By  on May 25, 1994

LAS VEGAS -- From an alliance between store owners and interactive TV shopping to the prospect of slot machines adding their bells and whistles to those of cash registers, fanciful visions of futuristic retailing were conjured here last week.

It was the annual spring leasing convention of the International Council of Shopping Centers and it brought 21,000 retailers, developers and investors to this desert city where fantasy, fortune and failure are all equal partners.

The mood at the four-day conference, which ended Thursday and was held at the Las Vegas Convention Center, was a mix of confidence and caution. Many retailers and developers agreed that the economy is rebounding, but others warned that the retail field is overdeveloped and will become more competitive than ever.

Publicly, executives here discussed industry issues; privately, they were making deals for new store locations. The dramatic decrease in shopping center development in the past few years has apparently not dimmed the enthusiasm for deal-making. Indeed, the most lasting image of this year's convention might well be a developer or retailer pacing the corridors of the convention center, spelling out details of a deal to the home office over a cellular phone.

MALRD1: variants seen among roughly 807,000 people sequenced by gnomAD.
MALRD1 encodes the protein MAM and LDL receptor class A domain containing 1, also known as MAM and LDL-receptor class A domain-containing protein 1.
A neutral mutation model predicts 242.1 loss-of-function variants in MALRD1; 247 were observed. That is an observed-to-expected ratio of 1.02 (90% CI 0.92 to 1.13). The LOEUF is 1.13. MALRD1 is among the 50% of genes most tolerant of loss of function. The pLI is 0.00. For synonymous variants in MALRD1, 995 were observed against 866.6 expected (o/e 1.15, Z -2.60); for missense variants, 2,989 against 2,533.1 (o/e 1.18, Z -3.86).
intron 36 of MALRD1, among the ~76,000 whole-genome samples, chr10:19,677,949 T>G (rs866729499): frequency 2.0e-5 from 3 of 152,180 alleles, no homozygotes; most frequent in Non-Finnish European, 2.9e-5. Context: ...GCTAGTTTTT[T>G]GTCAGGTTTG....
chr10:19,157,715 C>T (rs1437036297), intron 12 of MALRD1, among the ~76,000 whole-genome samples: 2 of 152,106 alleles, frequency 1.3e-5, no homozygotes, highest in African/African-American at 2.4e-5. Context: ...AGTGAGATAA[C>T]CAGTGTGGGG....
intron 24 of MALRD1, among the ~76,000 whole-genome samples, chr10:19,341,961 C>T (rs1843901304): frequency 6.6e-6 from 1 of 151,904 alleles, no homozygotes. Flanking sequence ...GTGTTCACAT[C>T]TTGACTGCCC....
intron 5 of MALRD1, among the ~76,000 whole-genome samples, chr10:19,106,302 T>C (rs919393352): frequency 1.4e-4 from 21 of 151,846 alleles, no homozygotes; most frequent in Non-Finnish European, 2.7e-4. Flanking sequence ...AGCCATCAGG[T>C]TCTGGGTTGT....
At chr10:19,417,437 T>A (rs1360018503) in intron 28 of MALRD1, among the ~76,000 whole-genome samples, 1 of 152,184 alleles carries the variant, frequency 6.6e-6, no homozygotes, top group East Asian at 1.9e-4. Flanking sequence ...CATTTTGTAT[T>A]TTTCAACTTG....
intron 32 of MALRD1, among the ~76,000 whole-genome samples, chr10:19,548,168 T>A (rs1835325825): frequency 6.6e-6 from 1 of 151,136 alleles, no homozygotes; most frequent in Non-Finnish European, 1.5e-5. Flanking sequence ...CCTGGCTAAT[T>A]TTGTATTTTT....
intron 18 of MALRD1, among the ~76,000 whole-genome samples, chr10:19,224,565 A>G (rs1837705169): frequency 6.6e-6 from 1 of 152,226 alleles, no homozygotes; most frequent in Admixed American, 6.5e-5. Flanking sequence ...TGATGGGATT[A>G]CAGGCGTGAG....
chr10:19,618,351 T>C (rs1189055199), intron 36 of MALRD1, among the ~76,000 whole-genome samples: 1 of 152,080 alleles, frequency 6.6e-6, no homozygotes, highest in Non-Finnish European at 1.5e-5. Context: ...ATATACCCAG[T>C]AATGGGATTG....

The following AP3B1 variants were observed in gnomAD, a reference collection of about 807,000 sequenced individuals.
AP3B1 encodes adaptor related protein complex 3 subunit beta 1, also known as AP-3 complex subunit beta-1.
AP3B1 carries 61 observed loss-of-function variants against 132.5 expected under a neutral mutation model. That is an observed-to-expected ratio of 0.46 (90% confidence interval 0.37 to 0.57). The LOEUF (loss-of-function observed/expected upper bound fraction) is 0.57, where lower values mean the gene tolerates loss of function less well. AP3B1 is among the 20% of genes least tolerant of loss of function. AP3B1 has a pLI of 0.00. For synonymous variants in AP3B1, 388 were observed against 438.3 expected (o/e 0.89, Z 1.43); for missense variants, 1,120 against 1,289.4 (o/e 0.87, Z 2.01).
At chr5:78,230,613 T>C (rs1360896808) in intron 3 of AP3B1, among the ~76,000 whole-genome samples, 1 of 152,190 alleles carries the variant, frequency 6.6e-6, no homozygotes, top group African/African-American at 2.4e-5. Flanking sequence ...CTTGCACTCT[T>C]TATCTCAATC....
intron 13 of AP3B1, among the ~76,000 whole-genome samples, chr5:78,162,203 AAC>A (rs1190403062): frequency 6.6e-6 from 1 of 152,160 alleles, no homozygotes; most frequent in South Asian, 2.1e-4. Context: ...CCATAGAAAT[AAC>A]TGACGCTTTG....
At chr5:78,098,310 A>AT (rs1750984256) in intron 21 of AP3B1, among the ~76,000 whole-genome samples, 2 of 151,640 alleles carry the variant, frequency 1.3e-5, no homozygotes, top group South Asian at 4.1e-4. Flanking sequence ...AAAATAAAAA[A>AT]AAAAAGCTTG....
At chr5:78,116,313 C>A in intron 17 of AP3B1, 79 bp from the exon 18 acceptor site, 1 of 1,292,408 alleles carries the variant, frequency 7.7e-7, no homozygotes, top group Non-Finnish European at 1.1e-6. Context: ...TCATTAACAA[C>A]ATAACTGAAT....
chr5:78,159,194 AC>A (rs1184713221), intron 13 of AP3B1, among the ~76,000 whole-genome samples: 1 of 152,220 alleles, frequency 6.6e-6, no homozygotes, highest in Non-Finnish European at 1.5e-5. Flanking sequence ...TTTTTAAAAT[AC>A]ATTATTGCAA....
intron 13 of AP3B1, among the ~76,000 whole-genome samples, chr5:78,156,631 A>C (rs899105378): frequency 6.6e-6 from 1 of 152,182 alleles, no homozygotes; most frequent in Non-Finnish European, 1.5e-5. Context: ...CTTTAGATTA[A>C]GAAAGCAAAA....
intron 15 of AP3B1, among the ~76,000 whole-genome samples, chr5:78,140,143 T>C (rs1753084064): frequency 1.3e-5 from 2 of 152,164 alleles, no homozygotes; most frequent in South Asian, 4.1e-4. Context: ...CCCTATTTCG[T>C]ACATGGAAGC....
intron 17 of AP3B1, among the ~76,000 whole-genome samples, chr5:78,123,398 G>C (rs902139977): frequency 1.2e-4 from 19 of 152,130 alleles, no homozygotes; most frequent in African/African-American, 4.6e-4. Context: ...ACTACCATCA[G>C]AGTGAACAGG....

Following are some of the convention highlights.

  • Many retailers here predicted that a developed interactive home shopping industry was 10 years away, and some said that could be a part of their overall retail store strategy. Leslie Wexner, chairman and chief executive officer of The Limited Inc., said shopping center retailers could use computer technology to get consumers into the stores.
"I think there's a wonderful opportunity for stimulating retail marketplace sales by using the media," said Wexner. "So, for somebody sitting at the end of their PC, I think I will be able to figure out how to say, 'Come to the store; if you come here something good will happen to you or you will get some benefit.' I don't necessarily have to be the victim."
  • The smokeless mall is a growing trend. The ICSC predicts that at least one-third of the nation's 1,800 enclosed malls will be smoke-free by the end of the year. The Simon Property Group said all of its 70 enclosed malls will be smoke-free by July 1. In Arkansas, all nine regional malls banned smoking in public areas as of May 14.
Bernard Brennan, chairman and ceo of Montgomery Ward, criticized President Clinton's proposed health care overhaul. Brennan, who also is chairman of the National Retail Federation, argued that the President's proposal to have employers pay for much of the costs for their employees' health insurance would have a "devastating" affect on retailers and developers.

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